BY JAMES HARPER
Not many people can say they are a confidant of the president of the United States of America.
Harvard Professor Dr. Charles Ogletree is in that elite group and was in Daytona Beach last Friday stomping for President Barack Obama, whom he taught as a student in the late 1980s at Harvard Law School.
“It’s hard to imagine how successful he has been. He changed the whole dialogue in the Middle East in the way people are thinking about democracy. He took out Osama bin Laden. He is responsible for more generosity and more support for Israel,” said Ogletree, also noting that Obama passed what he calls “Obamacares,” the Lilly Ledbetter Act, rescued the auto industry, and ended “don’t ask, don’t tell” stopping discrimination against gays in the military.
“Romney is not going to win his own state where he was governor of Massachusetts. He is not going to win his home state where he was born in Michigan. Barack is going to win Hawaii (where he was born). He is going to win Illinois (where he was an elected official). It tells you how important it is to leave a legacy. People have a choice. Choice couldn’t be clearer,” noted Ogletree, who was on a tight schedule last Friday visiting colleges and universities across the state.
Visits included Florida A&M University, Florida State University, the University of Florida and Bethune-Cookman University. He was at the universities encouraging students to vote to re-elect Obama on Nov. 6.
Ogletree said he was impressed with the students he has encountered at schools he has visited.
“I thought he had little chance to win in a place like Florida. Students told me they marched. Students are fired up and ready to go. I hope they are,” he said.
Ogletree managed to carve 45 minutes out of his time to stop by the Daytona Times office in Daytona Beach.
Over the years and even during his time as president, Ogletree said the president has sought and followed his advice.
“I’ve said to him, there are people who came before you who have suffered as much and even more. I talked about Thurgood Marshall, being the first Black on Supreme Court. How tough that was as a civil rights lawyer to be appointed to Supreme Court in 1967,” Ogletree said in an exclusive interview with the Times.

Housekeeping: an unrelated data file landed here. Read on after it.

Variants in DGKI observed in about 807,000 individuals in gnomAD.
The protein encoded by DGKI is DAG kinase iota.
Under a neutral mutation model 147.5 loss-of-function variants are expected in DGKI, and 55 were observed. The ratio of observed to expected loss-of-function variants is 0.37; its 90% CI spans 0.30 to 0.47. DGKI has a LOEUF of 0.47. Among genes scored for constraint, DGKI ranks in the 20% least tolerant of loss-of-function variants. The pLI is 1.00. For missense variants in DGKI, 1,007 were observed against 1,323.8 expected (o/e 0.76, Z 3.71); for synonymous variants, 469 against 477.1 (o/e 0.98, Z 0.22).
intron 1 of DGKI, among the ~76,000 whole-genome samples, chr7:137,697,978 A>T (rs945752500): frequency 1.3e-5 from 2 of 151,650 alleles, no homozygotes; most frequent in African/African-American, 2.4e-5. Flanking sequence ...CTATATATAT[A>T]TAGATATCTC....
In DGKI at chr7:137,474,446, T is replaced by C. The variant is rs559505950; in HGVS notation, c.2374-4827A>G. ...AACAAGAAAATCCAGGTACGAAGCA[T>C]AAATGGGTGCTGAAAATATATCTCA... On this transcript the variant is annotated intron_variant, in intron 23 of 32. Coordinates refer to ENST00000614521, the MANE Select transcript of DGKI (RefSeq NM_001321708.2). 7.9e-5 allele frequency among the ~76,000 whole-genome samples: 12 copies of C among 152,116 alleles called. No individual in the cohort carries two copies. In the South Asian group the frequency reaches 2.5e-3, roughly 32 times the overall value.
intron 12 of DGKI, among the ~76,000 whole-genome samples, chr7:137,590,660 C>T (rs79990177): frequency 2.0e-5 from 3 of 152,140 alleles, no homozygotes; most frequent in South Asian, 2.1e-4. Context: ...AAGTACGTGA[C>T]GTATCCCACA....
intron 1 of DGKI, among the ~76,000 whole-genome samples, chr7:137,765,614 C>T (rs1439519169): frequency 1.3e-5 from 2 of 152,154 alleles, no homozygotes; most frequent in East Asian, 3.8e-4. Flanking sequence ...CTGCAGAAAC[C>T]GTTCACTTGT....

“I talked about Dr. Martin Luther King Jr. – his rise and being opposed by Blacks when he was trying to become head of the Baptist Convention. People hated him, there were bomb threats, stabbed him,’’ added Ogletree, noting that Obama understands his role and where he came from and remembers him saying, “I am here because of other people who sacrificed for me.”
Ogletree also taught First Lady Michelle Obama in 1985, his first year at Harvard. She was Michelle Robinson at the time.
“She was involved in the Harvard legal aid bureau. She represented mainly women. She was organized, focused and detailed. I thought she was going to be the first African-American woman to be a senator in the United States,” Ogletree said, adding he now believes she should be the first female president of the United States.
Ogletree said he would not meet and become Obama’s teacher and eventual friend until 1988.
Importance of education
Ogletree calls himself first a child of God, who has been married for 37 years. He was born in 1952 in California and grew up in a poor family but would eventually go on to Stanford on scholarship, ending up getting his law degree at Harvard where he is now a tenured professor.
“My parents were very important to me. My grandparents were one generation away from slavery. They didn’t vote, they didn’t read, they didn’t go to school. My parents didn’t finish high school…invested in me to be the first child to finish school. Because of them … I give back to my high school scholarships. I give to students who have the most potential, not necessarily the best student,” Ogletree continued.
Ogletree is working on a book about the president that is scheduled to come out after the election.
In the book, Ogletree says he compares Obama to past presidents Lyndon Baines Johnson and Abraham Lincoln. He said they were the two presidents that preceded Obama who had the same challenges.
“For example, Abe Lincoln was a pragmatic president. Am I for slavery or against it,” Ogletree questioned. He believes Lincoln had to ask himself and made the right decision of being against it.
In reference to Johnson, Ogletree says, like Johnson, Obama is a Democrat who is a very moderate conservative.
“He (Johnson) did two major things that made him pragmatic. He made sure Congress passed the 1964 Civil Rights Act, the 1965 Voting Rights Act, the 1968 public accommodations act, Fair Housing Act – giving Blacks the same rights as every race in America. We as democrats would lose the South. He (Johnson) had the courage to change the law,” Ogletree said.
“Barack did the same thing, with the stimulus package. How do you not want money from your government to build highways, roads and fences and try to put people back to work,” Ogletree said about Republicans in Congress and Republican governors, many who were against the stimulus package.
Ogletree noted that race is still an issue.
“No matter if we (Blacks) are doctors, lawyers, business leaders, ministers, and educators we can’t get out of being trapped in the race issue. People don’t see how much we have achieved. They see the color of our skin,” he explained.
“We are still fighting that battle that Dr. King fought in 1963 when he said he wanted his children to be judged not by the color of their skin but the content of their character. We’ are still fighting that battle, I think Barrack Obama is going to make sure we achieve that day we are judged by the content of our character,” Ogletree added.